Legal UK immigration routes need simplifying, says charity

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The Joint Council for the Welfare of Immigrants (JCWI) has urged the UK Home Office to simplify ‘complicated and expensive legal routes to UK immigration’ in a new report. The call comes as Home Secretary, Priti Patel, presses ahead with her ‘New Plan on Immigration’, which seeks to restrict more existing routes to settlement in Britain.


According to the JCWI’s report, the UK immigration system ‘actively and needlessly creates insecurity, is extremely over-complicated and expensive, while also leaving people trapped in limbo.’

The JCWI said: “Migrants are considered temporary for a decade and our research shows that people are forced to reapply for the right to remain in their homes and jobs every 30 months, at a cost of thousands of pounds per person each time.”


Lose UK immigration status

Meanwhile, people can lose their UK immigration status should their renewal time coincide with any kind of personal crisis, and ‘every part of their lives become criminalised’.

The charity is now urging the Home Office for new, simplified routes to regularisation and long-term settlement in the UK, and help with securing or re-securing status after five years of continuous residency.

The JCWI is also demanding UK visa fees be made more affordable, visa renewals are made automatic and birthright citizenship.

Policy advisor at the JCWI and author of the report, Zoe Gardner, said: “People who call the UK home deserve dignity, security and the chance to put down roots, but our current immigration rules routinely deny people this opportunity, trapping them in a cycle of fees, forms and hostile immigration rules which make life unliveable.”

“Many migrants are expected to pay over £12,000 in fees over the course of a decade and must renew their status every 2.5 years. Throughout this time, they are kept in limbo and left fearful that they will fall out of status,” she added.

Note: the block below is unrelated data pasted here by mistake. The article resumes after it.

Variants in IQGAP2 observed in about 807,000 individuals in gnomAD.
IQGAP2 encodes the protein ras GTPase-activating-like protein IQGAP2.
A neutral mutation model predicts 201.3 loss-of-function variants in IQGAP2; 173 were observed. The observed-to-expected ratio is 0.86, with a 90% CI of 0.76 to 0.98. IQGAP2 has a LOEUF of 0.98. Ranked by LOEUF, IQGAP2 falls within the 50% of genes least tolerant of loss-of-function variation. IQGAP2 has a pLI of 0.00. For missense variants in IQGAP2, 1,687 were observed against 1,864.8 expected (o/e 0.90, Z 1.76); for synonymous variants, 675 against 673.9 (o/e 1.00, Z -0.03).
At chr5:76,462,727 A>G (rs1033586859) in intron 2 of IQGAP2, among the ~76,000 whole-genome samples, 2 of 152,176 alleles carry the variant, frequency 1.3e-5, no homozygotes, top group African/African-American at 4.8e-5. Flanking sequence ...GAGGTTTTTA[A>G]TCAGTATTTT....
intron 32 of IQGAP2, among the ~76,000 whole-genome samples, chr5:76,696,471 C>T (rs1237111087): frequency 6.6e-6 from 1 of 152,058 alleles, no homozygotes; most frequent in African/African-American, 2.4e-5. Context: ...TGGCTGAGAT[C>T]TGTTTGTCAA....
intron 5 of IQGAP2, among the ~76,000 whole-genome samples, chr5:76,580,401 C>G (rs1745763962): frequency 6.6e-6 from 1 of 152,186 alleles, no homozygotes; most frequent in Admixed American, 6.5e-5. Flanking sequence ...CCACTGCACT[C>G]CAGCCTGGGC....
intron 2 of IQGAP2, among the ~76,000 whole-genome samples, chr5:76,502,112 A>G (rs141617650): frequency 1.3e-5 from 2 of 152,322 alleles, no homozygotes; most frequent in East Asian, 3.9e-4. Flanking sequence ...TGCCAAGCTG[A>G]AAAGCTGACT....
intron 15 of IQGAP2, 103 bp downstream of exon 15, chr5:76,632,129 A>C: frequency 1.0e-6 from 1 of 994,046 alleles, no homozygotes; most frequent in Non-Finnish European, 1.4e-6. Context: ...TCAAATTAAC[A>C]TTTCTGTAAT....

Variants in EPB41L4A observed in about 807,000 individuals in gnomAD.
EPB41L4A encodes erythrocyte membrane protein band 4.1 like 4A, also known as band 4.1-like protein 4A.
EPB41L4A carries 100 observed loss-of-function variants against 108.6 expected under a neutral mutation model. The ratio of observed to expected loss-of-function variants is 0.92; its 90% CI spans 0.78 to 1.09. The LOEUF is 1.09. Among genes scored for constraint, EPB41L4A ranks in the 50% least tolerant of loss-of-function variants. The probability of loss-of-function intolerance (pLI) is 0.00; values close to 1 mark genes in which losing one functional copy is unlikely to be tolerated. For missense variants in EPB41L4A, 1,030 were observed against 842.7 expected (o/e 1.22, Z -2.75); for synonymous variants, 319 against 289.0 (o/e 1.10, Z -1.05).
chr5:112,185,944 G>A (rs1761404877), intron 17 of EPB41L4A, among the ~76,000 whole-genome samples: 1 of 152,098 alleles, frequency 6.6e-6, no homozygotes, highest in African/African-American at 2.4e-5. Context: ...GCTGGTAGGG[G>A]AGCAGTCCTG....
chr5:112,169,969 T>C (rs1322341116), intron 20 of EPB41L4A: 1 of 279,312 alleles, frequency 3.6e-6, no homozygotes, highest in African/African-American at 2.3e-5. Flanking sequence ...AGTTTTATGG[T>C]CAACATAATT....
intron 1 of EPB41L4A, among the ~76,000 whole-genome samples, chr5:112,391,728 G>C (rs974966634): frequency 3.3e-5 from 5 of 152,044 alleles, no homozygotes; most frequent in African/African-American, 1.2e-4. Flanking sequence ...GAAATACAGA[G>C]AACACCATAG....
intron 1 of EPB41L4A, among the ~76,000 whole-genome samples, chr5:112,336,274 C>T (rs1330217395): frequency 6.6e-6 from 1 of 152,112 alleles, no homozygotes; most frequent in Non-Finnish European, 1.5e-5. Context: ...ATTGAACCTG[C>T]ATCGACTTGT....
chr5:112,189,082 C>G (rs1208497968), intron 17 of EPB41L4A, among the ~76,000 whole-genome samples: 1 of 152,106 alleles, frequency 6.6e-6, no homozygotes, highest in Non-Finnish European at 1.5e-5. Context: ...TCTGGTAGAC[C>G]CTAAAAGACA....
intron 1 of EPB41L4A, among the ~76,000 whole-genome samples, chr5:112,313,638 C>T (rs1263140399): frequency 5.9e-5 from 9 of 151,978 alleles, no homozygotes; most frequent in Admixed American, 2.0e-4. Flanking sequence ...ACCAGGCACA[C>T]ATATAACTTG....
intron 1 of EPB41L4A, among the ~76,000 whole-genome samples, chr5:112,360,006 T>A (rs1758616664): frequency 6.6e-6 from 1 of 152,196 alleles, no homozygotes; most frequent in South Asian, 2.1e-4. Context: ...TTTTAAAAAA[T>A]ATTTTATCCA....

Small application error

Ms Gardner also stated that any small application error or a period of sickness can throw people off course, which exposes them to the UK immigration hostile environment policy and puts them at risk of losing their jobs and their homes.

“Unsurprisingly, these rules systematically render many people undocumented, pushing them into exploitative work, poverty, and abuse. It’s time government stopped criminalising migrants for falling off the maze-like route to permanent status, and instead created accessible, affordable pathways for migrants to get back on track,” Gardner said.

JCWI client, Adedayo, explained how he had become undocumented for 10 years after the Home Office refused to renew his visa after suffering from clinical depression. He said: “I felt like a prisoner with no way of escaping – I was trapped in exploitative work for years, earning just £3.50 an hour and trying to support my family with next to nothing.”


Wouldn’t wish it on my worst enemy

“I wouldn’t wish what my family has gone through on my worst enemy. The Home Office needs to start listening to us and treating us with dignity, instead of pushing us into the hands of people willing to exploit us and away from all support.”

Following the JCWI’s report, a spokesperson for the Home Office said: “Our UK visa and immigration fees are kept under review and we offer several fee waivers and exceptions from the need to pay an application fee. 

“Illegal working undercuts honest employers, puts vulnerable migrants at risk of exploitation, cheats legitimate job seekers out of employment and defrauds the public purse. Tackling this damaging crime is a key government priority.”

The spokesperson added: “The government is bringing forward a New Plan for Immigration that is fair but firm, which will stop the abuse of the system and expedite the removal of those who have no right to be here.” can help with Sponsor Licences

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